6 Novels to Celebrate Women in Translation Month #WIT2023

August 2023 is Women in Translation Month. Here are six internationally acclaimed novels in translation written by French women: Maud Ventura’s hilariously funny debut, My Husband (HarperCollins), Maylis de Kerangal’s spellbinding Eastbound (read and approved by SJP herself!, Archipelago), Anne Berest’s family investigation The Postcard (Europa), and Constance Debré’s magnificent address to her son Love Me Tender (Semiotext(s)), and Lola Lafon’s unforgettable Reeling which is also the first great post #Metoo French novel.

In other words, you now have no excuse not to celebrate #WIT with us!

Reading List

My Husbandby Maud Ventura

Beneath the surface of a seemingly perfect life (think Bree from Desperate Housewives), the protagonist of My Husband – English translator, mother of two, and married for 15 years – secretly holds an exclusive, all-consuming, and guilty passion for her husband. Like Phèdre and Marguerite Duras’ heroines, her love is beyond excessive. Convinced that her life is hell (since she loves and is loved in return) our narrator doesn’t know “a single novel, film, or poem, that could serve as an example and show [her] how to love better and less intensely.” Read more.

My Husband, a debut novel by Maud Ventura, trans from the French by Emma Ramadan, HarperCollins

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Eastbound by Maylis de Kerangal

In Eastbound, Maylis de Kerangal delivers the story of a tangent to Europe’s most easterly point aboard the famous Trans-Siberian Railway. Set against a backdrop of wild landscapes – from the snowy forests of Siberia to Lake Baikal – Alyosha’s adventure is sublimated by the beauty that flashes through the train’s windows. The young Russian is forced to board the convoy to do his military service at the other end of the Russian steppe but his only desire is to escape his destiny. In a vain attempt to flee Krasnoyarsk station, he meets Hélène, a young French woman on a quest to cross the taiga to the Far East. But there is nothing innocent about her boarding the train, as this western woman is fleeing from her Russian lover. Despite their ignorance of each other, she helps him to escape from the sold.iers before desertion reaches the point of no return. Read more.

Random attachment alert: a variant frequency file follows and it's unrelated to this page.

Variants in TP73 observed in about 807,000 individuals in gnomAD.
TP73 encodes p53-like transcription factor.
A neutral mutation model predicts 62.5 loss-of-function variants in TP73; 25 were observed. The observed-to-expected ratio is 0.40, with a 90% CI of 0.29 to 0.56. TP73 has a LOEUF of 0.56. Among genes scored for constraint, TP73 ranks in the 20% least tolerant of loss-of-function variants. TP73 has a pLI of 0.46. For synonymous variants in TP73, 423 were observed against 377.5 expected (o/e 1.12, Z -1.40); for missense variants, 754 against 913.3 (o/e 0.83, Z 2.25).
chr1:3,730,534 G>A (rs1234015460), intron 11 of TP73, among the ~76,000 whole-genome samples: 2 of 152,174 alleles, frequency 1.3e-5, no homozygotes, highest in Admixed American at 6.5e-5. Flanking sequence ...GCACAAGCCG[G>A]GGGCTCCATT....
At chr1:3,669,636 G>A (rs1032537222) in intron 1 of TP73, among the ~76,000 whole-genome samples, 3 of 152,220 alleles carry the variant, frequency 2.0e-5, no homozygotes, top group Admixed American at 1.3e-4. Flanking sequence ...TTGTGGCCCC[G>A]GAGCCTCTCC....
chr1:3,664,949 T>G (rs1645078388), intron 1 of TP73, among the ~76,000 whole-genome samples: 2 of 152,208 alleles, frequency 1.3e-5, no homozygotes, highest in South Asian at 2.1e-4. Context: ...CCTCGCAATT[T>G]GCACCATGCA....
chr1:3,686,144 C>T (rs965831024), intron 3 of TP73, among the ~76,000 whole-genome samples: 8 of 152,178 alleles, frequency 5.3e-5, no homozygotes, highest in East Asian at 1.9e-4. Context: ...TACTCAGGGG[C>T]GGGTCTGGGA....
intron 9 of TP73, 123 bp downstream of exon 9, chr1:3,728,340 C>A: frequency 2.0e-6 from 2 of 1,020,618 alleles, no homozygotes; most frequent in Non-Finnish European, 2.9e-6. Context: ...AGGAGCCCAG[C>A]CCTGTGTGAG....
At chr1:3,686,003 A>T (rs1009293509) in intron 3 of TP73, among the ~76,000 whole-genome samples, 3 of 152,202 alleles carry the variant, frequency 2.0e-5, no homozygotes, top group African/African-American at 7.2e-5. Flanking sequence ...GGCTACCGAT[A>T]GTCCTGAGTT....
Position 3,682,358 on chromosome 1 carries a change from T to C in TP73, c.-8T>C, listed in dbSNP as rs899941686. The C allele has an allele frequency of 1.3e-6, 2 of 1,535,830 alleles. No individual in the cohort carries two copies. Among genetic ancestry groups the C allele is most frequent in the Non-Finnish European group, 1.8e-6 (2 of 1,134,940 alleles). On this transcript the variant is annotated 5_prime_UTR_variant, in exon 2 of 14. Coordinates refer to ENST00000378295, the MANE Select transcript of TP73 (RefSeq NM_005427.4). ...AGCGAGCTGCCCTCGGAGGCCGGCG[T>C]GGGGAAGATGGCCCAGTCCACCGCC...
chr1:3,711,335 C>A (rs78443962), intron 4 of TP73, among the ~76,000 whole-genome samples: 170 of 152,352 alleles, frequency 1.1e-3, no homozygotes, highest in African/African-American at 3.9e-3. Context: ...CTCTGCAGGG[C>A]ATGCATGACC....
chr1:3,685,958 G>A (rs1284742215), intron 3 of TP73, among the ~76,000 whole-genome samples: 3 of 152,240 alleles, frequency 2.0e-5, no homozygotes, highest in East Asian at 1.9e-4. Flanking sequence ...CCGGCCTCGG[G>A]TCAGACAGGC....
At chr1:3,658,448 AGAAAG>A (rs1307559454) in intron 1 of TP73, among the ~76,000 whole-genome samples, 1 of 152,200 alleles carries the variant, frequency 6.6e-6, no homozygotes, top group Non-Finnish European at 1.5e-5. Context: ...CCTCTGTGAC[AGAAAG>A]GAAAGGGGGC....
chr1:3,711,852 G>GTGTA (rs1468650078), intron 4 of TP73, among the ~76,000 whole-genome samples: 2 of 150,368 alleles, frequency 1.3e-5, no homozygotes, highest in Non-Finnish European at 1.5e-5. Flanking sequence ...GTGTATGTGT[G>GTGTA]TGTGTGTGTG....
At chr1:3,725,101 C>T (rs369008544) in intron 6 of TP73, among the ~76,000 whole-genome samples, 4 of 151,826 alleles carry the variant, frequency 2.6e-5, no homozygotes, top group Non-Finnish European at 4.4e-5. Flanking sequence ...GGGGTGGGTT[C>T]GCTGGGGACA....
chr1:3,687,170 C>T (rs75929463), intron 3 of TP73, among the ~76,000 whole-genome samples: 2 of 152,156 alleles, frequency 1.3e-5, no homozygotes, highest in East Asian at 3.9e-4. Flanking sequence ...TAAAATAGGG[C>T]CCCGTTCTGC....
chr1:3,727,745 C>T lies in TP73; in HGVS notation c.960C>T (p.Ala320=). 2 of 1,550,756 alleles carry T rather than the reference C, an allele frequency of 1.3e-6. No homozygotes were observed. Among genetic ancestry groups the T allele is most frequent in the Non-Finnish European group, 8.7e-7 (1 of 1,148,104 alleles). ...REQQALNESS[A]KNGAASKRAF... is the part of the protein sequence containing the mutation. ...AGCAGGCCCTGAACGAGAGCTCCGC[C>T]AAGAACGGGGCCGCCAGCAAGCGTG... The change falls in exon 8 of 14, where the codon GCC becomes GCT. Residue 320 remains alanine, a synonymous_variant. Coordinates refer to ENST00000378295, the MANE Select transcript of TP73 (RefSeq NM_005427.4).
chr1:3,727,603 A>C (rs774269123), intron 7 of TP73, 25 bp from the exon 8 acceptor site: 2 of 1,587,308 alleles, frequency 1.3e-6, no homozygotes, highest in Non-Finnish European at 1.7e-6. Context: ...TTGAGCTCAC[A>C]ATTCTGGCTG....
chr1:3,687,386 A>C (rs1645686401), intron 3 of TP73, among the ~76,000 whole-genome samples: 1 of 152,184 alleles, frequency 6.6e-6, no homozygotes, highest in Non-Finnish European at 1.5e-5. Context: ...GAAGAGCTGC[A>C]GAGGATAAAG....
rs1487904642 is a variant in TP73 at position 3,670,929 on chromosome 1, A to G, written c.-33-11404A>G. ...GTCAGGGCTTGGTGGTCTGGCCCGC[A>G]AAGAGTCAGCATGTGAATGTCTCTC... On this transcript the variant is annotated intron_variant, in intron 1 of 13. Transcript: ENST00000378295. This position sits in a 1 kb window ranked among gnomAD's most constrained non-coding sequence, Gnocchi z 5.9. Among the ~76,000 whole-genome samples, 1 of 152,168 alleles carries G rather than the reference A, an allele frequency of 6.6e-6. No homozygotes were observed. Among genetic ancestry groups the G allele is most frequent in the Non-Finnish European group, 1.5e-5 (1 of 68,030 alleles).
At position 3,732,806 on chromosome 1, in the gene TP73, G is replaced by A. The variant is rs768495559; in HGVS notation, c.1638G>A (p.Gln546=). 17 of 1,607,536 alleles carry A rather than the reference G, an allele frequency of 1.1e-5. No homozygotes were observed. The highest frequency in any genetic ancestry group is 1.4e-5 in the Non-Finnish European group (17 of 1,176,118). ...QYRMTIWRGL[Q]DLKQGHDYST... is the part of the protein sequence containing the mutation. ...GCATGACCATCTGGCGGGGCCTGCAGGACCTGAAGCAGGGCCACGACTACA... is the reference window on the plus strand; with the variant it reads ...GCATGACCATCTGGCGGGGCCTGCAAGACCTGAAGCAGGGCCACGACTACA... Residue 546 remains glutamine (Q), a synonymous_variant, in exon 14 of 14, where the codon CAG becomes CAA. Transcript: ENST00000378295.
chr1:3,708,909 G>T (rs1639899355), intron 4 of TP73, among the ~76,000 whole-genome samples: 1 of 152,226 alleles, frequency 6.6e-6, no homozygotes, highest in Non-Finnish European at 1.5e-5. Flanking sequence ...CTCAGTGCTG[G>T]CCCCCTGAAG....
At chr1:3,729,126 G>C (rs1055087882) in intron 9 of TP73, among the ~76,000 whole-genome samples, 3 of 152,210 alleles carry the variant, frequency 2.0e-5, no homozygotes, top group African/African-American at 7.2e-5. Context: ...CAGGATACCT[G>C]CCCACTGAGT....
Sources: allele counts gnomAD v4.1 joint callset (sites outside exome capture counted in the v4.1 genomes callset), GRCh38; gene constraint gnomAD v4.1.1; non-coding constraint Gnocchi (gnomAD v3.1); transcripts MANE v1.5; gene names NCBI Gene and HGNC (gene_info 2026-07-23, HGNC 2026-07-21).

Eastbound by Maylis de Kerangal, trans from the French by Jessica Moore, Archipelago Books

The Postcard by Anne Berest

On January 6, 2003, a mysterious postcard makes its way to Anne and her mother, Lélia. The unsigned card includes just four names in the message – Eprhaïm, Emma, Noémie, Jacques – relatives of the narrator who were executed in Auschwitz in 1942. Who could have sent such a chilling message? This postcard, which depicts the Paris Opera Garnier on the front, haunts Anne and leads her on an investigation to track down the sender. On her quest, she traces her family lineage, and discovers untold stories from Paris of the 1930s and 1940s. Read more.

The Postcard by Anne Berest, trans from the French by Tina Kover

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Watch Us Dance by Leila Slimani

Embrace the summer with Leila Slimani and the first two books of her trilogy, In the Country of Others and Watch us Dance!

Slimani immerses us in the Morocco of the 1950’s through extraordinary encounters and destinies. When Mathilde decides to follow Amine, a soldier she met in Alsace, she wouldn’t have guessed the life that was waiting for her in Morocco.
From young lovers to parents, Mathilde and Amine’s story is gradually overcome by their children, Aïcha, and Selim. The second book follows their children in the “electric” Morocco of the 1960’s, as they find their identity far from their parents.
As Aïcha finds her way through her studies, Selim escapes his past on the road with some hippies. Far from the atmosphere of The Perfect Nanny, for which Leila Slimani won the Prix Goncourt in 2016, In the Country of Others is also a political tale about Morocco and the woman’s place in traditional families.
It was hard to put aside this story as the characters’ evolution was endearing and full of sincerity. A beautifully written and sensitive family epic! – Anna

In the Country of Others followed by Watch Us Dance
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Love Me Tender by Constance Debré

One should not misjudge the title of Debré’s book, Love Me Tender, since it depicts a fight against an untender injustice : The fight of a mother deprived of justice to see her son. But Love Me Tender is also a story about love : The unconditional love of a mother for her son, the libertine and unattached love of everyday life and the modest love for her aging father. You won’t want to put down the book because you’ll be rooting for Debré to win this battle or even to find out if the last girl she was seeing is the good one. The raw and frank style that one appreciates in Constance Debré is carried out here with a fierce elegance.

Love Me Tender, Constance Debré, translated from the french by Holly James, Semiotext(e).
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Reeling by Lola Lafon

After The Little Communist Who Never Smiled (Seven Stories Press, Actes Sud) and Mercy Mary Patty (Actes Sud), Lola Lafon continues her exploration of the psyches of young girls–their fragility, their resilience–with Chavirer. Just like Nadia Comaneci and Patty Hearst, Chloé is a young girl whose destiny bears witness to the violence inflicted on women in our societies. Novels after novels, Lola Lafon has successively reflected on the failures of communist (Ceausescu’s Romania), capitalist (Nixon/Ford’s America), and social-democratic (Mitterand’s France) governments to protect their most vulnerable citizens. Read more.

Reeling by Lola Lafon, trans. from the French by Hildegarde Serle,Europa
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Other recommendations by Albertine Team